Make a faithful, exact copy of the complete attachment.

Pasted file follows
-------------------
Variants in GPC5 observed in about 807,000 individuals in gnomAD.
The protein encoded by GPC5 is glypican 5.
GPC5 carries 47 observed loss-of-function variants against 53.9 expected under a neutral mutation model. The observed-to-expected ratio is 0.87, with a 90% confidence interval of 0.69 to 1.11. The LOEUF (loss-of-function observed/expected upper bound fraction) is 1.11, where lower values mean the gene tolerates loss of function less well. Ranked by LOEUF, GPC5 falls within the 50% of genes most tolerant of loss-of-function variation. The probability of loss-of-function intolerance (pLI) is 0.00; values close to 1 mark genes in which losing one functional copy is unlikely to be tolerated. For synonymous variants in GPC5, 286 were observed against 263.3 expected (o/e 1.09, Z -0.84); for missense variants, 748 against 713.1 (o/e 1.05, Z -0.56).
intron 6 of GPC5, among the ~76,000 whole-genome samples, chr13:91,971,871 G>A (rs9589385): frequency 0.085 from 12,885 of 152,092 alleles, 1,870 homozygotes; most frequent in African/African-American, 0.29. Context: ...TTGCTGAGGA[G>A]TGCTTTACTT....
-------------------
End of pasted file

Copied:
Variants in GPC5 observed in about 807,000 individuals in gnomAD.
The protein encoded by GPC5 is glypican 5.
GPC5 carries 47 observed loss-of-function variants against 53.9 expected under a neutral mutation model. The observed-to-expected ratio is 0.87, with a 90% confidence interval of 0.69 to 1.11. The LOEUF (loss-of-function observed/expected upper bound fraction) is 1.11, where lower values mean the gene tolerates loss of function less well. Ranked by LOEUF, GPC5 falls within the 50% of genes most tolerant of loss-of-function variation. The probability of loss-of-function intolerance (pLI) is 0.00; values close to 1 mark genes in which losing one functional copy is unlikely to be tolerated. For synonymous variants in GPC5, 286 were observed against 263.3 expected (o/e 1.09, Z -0.84); for missense variants, 748 against 713.1 (o/e 1.05, Z -0.56).
intron 6 of GPC5, among the ~76,000 whole-genome samples, chr13:91,971,871 G>A (rs9589385): frequency 0.085 from 12,885 of 152,092 alleles, 1,870 homozygotes; most frequent in African/African-American, 0.29. Context: ...TTGCTGAGGA[G>A]TGCTTTACTT....